2. ^ The Literary Society of Worker in Guro, a club dedicated to labor literature, was located in Garibong1-dong, Guro-gu, Seoul. It was the first literary club made up of workers in the Guro area, which started with the idea that literature did not belong to professional writers and that workers could also talk about their lives. With the financial help of Silcheon Munhaksa and the Chun Tae-il Organization, it was founded on June 25, 1988. Subsequently, from the late 1980s to the early 1990s, literary clubs of workers were organized in many places including Yeongdeungpo, Incheon, Bucheon, Masan, Changwon, and Ulsan, and more than ten clubs actively operated throughout the country. However, with the dramatic decline in the number of members, the club in Guro closed its office on February 25, 2006 and stopped all of its official operations. More than four hundred people were once its members and it published more than 40 books. ("The Literary Society of Workers in Guro," Grand Encyclopedia of Korean Indigenous Culture, accessed November 27, 2019,
  3. ^ Cha Hyeongseok, "Kim Yeonsu's Major Work Is Always His Latest Work," Sisain, December 15, 2008,
  4. ^ Kim Sa-i, "Jeju Island to Be Destroyed Like the Four Main Rivers—What Is Next?," Pressian, June 21, 2011, Kim Sa-i, "You Have to Risk Your Life, If You Are to Love," Pressian, August 22, 2011, Kim Sa-i, "Writing in the Midst of the Thorny Path of Long, Hard Life," Pressian, March 2, 2012,
  5. ^ Lee Jubin, "Why 100 Writers, Including Gong Jiyeong and Ahn Do-hyun, Walk in the Cold on Route 1: 'to Let People Know About the Unjustified Establishment of the Navy Base in Jeju'," OhmyNews, December 21, 2011, Yuk Junsu, "The Association of Writers for National Literature's Young Writers Forum and the Committee of Free Actions Hold a Festival in Solidarity with the Employees Fired from Samsung," News-paper, June 28, 2019,
  6. ^ Choi Yeong-jin, "The Organization 'Realist 100' Noted by the Literary World," Weekly Kyunghyang, January 22, 2008, Lee Sang-gyeong, "One Whole Year with the Group 'Realist 100'," OhmyNews, December 2, 2008, "[Participants Wanted] Trip with Writers and Artists to the Nakdong River to Stop Its Destruction," Naver blog, July 14, 2010, Kim Jisu, "'I Am Sad as I Never Considered Myself Unemployed'—'Hopeful Walkers' and Writers Hold Hands at the Night of Reading Literature," OhmyNews, February 8, 2012, Yun Jiyeon, "Golden Bridge Denies Oppressing Labor Unions, Saying 'It Has Nothing to Do with Changjo Consulting'," Newscham, November 21, 2012, Jo Hyeoksin, "'The Night of Literature' for the Workers of Cort," Incheon Ilbo, December 18, 2012, Kim Sanghun, "The Writers Group 'Realist 100' Officially Ends Operation, Decided at the General Meeting," News-paper, December 18, 2017,
  7. ^ Kim Seongman, "Beautiful Interaction Between Poems and Songs About Life: Banseonghada geumandun nal," Digital Center of Labor Culture and Welfare, March 14, 2012,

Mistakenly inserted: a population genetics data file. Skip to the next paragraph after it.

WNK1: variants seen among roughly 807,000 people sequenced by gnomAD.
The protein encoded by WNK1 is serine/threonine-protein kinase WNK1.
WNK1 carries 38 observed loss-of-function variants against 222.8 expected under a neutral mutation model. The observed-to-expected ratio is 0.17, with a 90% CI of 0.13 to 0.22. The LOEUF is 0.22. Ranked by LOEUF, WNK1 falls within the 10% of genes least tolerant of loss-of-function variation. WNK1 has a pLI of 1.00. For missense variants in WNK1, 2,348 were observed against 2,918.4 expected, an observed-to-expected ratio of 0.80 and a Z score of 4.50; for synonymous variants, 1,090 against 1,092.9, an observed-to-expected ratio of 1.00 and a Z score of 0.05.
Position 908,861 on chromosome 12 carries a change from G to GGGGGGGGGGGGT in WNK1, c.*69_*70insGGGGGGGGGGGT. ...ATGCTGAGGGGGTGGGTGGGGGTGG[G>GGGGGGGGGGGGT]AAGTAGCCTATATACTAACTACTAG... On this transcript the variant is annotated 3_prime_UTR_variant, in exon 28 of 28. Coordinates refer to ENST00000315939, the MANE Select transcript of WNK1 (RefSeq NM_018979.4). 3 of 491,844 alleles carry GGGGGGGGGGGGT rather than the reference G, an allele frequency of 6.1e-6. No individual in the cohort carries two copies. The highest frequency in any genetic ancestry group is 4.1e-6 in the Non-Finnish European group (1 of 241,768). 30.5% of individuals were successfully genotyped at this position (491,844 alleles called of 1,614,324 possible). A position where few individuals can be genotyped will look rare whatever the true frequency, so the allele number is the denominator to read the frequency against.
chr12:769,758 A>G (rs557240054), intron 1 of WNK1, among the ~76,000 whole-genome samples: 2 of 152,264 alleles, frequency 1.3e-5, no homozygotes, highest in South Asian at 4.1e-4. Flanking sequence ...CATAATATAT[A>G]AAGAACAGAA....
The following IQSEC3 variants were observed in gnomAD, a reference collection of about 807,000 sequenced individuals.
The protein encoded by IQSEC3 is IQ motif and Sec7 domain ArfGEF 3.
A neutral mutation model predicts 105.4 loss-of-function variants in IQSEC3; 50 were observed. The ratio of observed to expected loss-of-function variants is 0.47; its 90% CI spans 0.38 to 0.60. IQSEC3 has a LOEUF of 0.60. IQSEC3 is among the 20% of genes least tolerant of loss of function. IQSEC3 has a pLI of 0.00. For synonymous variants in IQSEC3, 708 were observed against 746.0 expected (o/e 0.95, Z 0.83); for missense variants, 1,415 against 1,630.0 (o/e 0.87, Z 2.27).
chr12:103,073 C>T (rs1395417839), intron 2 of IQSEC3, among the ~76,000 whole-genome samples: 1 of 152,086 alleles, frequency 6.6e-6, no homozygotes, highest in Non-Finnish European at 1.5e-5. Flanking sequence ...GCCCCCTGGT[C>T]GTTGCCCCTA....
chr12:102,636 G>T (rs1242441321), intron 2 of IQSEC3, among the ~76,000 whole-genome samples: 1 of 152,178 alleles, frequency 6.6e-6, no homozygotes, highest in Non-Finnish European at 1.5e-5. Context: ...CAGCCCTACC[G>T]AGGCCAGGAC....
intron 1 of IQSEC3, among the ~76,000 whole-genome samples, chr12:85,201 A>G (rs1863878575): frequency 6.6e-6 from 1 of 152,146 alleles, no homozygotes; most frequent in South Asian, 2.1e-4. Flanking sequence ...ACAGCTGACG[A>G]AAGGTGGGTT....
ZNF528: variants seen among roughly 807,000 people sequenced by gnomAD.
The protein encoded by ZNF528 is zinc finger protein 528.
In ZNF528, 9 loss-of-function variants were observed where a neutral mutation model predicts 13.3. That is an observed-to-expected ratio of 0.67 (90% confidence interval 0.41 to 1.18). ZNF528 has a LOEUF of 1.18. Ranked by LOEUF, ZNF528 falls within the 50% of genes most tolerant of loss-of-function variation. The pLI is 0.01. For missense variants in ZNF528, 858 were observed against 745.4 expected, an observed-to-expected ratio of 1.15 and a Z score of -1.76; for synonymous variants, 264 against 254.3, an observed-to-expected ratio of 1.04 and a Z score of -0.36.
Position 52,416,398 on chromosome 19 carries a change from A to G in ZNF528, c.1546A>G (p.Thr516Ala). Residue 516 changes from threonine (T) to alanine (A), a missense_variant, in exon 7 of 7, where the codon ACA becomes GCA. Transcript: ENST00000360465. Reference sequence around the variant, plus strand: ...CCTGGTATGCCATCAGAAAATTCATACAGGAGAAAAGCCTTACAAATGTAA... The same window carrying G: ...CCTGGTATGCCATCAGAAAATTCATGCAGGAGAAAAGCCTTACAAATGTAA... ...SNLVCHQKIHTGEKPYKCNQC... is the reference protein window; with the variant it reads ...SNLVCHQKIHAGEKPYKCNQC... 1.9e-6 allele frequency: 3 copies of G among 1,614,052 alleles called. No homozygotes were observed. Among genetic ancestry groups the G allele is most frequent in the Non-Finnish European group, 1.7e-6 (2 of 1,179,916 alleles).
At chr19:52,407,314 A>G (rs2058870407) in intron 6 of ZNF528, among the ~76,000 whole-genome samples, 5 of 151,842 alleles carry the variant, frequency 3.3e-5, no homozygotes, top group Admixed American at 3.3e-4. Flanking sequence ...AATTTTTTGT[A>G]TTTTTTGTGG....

8. ^ Lee Yeongkyeong, "Seoul, a City of Poverty and Discrimination Built with Workers' Blood and Sweat," Kyunghyang Shinmun, November 1, 2010,
  9. ^ "Naneun amugeotdo an hago itdago handa Book Description," Aladin, accessed November 27, 2019,
  10. ^ U Juyeong, "The Aesthetics and the Politics, Perhaps New Thinking Lies There," Kyosu Sinmun, June 21, 2010,
  11. ^ Kim Jungsik, "Everyone Is Poor, but No Literature Deals with Poverty," Kyunghyang Shinmun, August 13, 2006,
  12. ^ Kim Sa-i said during an interview: "Poor people are not regarded as human beings in this world where money and power are respected. They are not poor because they are lazy, but the country is neglecting them. People say poverty is only a discomfort and there is nothing to be ashamed of it, but I think that is absolutely a worthless pity." (Mun Jongpil, "[Interview] The Realists of Our Times 3: Passionate Conversation with the Warrior Kim Sa-i," News-paper, June 17, 2019,
  13. ^ Garibong-dong is often mentioned as the example of declining towns, but that was only true for a decade, in the 1990s; from the 1970s to the 1980s, it was one of the most dynamic neighborhoods in Korea. The Guro Industrial Complex led the economic development of the country, and the history of the labor movement was born and flourished here. For this reason, the Guro Industrial Complex and Garibong-dong are viewed as 'the symbol of the industrialization,' 'the center of the labor movement,' 'the hometown of the poor' and they appear quite often in literary works as their title or setting. (Pak Samun, "The Cradle of Labor Literature, the Guro Industrial Complex and Garibong-dong," Grand Encyclopedia of Korean Indigenous Culture, accessed November 27, 2019,
  14. ^ On the other hand, Garibong-dong can now be called "a small China in Korea," with a great number of Korean Chinese residents who have moved there since the establishment of diplomatic relations between the two countries in 1992. After the Guro Industrial Complex was practically removed in 1988, the area was filled with the Korean Chinese, or joseonjok. Garibong-dong is now the place where the national, ethnic conflicts caused by globalization are bubbling up, while the class conflicts of the past still exist. (Pak Samun, "The Cradle of Labor Literature, the Guro Industrial Complex and Garibong-dong," Grand Encyclopedia of Korean Indigenous Culture, accessed November 27, 2019,
  15. ^ Yun Hui-jin, "[Complete Digital Collection of Culture in Guro] Banseonghada geumandun nal," Grand Encyclopedia of Korean Indigenous Culture, accessed November 27, 2019,
  16. ^ Labor literature encompasses the literary works that, while dealing with the labor-related issues overall, especially focus on embodying into literature the positive values embraced by the lives and works of the working people. Since modern capitalism was established in the country and labor became a subject of literature, labor literature has developed by stages. It first appeared in the 1980s and directly pointed out all the absurdities and problems in the working environments, the impoverished lives of workers, and all kinds of ills engendered by capitalism, and also criticized the establishment through sarcasm and satire. Also, it pursued 'the literature of the workers,' not 'the literature for the workers' written by cultured intellectuals and described the sentiments of the real workers. However, labor literature started to decline from the mid-1990s and has been assimilated into other genres or seeking other possibilities. ("Labor literature," Encyclopedia of Literary Terms, accessed November 27, 2019,
  17. ^ Lee Seonghyeok, "Reading Two Poems Thinking About the Universality of Feminism," Webzine Munhwada, September 6, 2017,